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Smart Sensing - There's something in the air

20th February 2018

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Mayors from 25 cities around the world recently pledged to cut their carbon emissions to net zero by 2050, with the aim to have a climate action plan in place by 2020. Stepping up climate action globally shows the impetus of reducing carbon emissions throughout some of the world’s most populated cities and there are several ways in which they can be monitored and further controlled – smart sensing could be the key.

As cities become smarter and more responsive, there’s a huge opportunity for city leaders to harness the IoT technology already in place in order to tackle the environmental impact of climate change. As most cities are making positive steps in improving efficiencies, via the introduction of LED street lighting, now is the perfect time to explore the possibilities of air quality monitoring systems and their compatibility with digitalised street furniture.

It is becoming increasingly apparent that street lighting columns can do more than illuminate streets and control lighting levels. In San Francisco sensors have been placed in lamp posts to monitor gunshots, which have drastically improved citizen safety. In San Diego cameras, microphones and sensors have been installed within existing street lighting infrastructure to monitor the way the city works.

Sensing the streets

Providing highly localised real time data, local authorities can use sensors to get a better grasp of many variables, including the air quality levels in public hotspots and population dense areas. Streetlights have the perfect infrastructure for their installation; not only are they regularly placed throughout the centres of towns and cities, their tall profile means that sensors can capture and measure a number of things from a single column, to get an accurate idea of air quality in specific areas.

Thanks to Wi-Fi and other connected platforms, this technology is able to communicate with handheld devices so local authorities can easily monitor and analyse the information that is generated quickly and accurately.  By assessing the data regularly trends can be identified, offering the valuable insight required to effectively communicate air quality levels with city dwellers, in a way that will resonate.

Communicating pollution to citizens

Where air pollution is concerned, street lighting sensors and supporting software could hold the key to how air quality is not only measured, but communicated to citizens. Using sensors to gather data, that provides citizen centric insight, means that climate change becomes a shared responsibility throughout an entire town. Giving citizens more control over their own carbon footprint could improve a city’s green credentials as a whole.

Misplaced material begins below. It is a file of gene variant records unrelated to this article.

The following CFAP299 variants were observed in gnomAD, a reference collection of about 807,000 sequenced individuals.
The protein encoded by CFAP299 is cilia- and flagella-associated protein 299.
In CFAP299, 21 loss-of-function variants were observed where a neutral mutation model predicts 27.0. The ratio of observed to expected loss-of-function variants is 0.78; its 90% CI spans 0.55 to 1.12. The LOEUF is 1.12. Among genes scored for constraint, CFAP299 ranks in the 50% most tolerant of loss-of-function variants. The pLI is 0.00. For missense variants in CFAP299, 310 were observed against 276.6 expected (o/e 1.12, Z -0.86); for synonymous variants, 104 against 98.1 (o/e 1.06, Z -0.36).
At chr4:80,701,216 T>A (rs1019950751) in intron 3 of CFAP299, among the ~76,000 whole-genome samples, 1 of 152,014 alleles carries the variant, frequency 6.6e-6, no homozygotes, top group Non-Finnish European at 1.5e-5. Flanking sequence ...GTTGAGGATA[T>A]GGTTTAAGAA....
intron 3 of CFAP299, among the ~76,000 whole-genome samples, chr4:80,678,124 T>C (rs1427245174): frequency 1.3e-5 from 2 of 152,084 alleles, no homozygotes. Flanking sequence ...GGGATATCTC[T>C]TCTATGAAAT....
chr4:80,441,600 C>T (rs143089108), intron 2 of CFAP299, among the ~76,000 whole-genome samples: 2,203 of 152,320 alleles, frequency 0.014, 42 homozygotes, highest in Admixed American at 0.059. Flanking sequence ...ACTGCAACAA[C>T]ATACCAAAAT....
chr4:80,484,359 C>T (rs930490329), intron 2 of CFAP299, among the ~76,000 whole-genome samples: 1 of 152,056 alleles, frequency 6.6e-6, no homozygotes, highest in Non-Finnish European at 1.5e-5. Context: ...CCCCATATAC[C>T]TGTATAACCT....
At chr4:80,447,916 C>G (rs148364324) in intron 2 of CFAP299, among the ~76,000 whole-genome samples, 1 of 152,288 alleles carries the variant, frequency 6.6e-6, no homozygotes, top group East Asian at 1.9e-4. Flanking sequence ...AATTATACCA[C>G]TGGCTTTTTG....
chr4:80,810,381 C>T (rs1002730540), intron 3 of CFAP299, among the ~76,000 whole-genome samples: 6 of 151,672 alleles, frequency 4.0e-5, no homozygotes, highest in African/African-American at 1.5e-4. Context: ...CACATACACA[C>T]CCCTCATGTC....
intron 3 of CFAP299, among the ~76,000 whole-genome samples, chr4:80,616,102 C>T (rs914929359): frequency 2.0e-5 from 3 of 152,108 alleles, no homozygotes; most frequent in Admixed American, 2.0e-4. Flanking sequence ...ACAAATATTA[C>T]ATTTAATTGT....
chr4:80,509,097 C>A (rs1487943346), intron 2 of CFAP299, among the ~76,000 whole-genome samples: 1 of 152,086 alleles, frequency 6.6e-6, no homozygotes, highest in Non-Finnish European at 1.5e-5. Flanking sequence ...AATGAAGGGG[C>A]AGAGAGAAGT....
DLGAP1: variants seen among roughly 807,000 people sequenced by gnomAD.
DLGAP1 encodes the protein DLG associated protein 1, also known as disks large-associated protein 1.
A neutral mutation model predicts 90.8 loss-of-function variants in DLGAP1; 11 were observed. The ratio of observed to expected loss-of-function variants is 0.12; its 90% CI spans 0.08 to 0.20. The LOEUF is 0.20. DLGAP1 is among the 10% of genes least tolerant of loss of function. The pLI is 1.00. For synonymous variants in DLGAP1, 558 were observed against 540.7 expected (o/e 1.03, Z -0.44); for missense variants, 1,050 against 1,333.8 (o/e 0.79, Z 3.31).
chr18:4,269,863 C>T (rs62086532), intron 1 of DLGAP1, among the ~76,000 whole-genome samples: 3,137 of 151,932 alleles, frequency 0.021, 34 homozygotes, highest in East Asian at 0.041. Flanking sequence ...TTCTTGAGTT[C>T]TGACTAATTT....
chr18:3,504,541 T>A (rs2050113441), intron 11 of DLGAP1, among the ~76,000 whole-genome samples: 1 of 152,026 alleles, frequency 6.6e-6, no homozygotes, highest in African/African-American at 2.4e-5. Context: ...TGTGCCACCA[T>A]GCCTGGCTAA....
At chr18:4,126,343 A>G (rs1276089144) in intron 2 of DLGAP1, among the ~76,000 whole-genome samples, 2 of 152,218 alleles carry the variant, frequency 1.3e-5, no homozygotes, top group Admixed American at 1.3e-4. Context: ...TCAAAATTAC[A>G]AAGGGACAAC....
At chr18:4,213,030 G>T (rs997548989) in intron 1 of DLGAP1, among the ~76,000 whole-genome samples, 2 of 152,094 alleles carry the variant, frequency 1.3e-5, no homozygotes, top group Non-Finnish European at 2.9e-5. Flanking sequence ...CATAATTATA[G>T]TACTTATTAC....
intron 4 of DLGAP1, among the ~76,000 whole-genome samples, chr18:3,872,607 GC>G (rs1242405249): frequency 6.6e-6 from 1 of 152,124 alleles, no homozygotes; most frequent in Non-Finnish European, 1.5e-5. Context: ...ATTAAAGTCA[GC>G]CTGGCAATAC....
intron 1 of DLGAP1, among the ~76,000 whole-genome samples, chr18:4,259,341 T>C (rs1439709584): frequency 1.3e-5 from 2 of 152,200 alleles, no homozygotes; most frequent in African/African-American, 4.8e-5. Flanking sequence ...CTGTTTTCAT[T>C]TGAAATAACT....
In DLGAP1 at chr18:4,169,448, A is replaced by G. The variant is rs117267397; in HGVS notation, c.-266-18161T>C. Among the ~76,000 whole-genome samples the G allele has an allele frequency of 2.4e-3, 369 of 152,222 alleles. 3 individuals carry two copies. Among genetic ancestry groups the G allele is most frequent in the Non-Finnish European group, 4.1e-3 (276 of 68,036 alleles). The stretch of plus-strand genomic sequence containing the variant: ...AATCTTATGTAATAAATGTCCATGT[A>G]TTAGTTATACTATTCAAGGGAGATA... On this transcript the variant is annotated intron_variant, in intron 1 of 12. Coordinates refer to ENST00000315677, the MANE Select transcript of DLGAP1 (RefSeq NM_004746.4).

By communicating with apps or city notices, urban leaders can provide air quality information to citizens that reinforce the impact pollution has on their own life. By bringing the information into context, using real-time data collected from urban infrastructure, city leaders can positively encourage an entire city to act upon climate change.

For example, parents might act differently if they knew that the route they used to take their children to school had low air quality. They might choose to walk instead of drive to help reduce emissions, or the school itself might initiate a car sharing programme that reduces the number of cars on the roads in peak times.

Another instance could be the way in which pollution levels affect mobility. At particular periods, air pollution levels will naturally be higher; on the morning commute or on the school run. By only allowing hybrid or electric vehicles to use key commuting routes at specific times, with the enforcement of fines for those using petrol or diesel, city leaders could help reduce congestion and increase air quality simultaneously while encouraging environmentally conscious behaviour.

Endless possibilities

As Government plans become more focused on tackling climate change, technology will be a contributing factor to the way in which strategies are formed.  The autumn budget announcement highlighted key considerations for the Government – many of these in some way revolved around building a more sustainable way of life.

Smart streetlights could help to drive this initiative and ensure that services are enhanced, not only for city leaders and planners, but for the citizens themselves.  Integrating IoT and sensors within connected street lighting infrastructure that already exists means that resources can be optimised while transforming the lamppost from simple street furniture, to a valuable digital asset.

 

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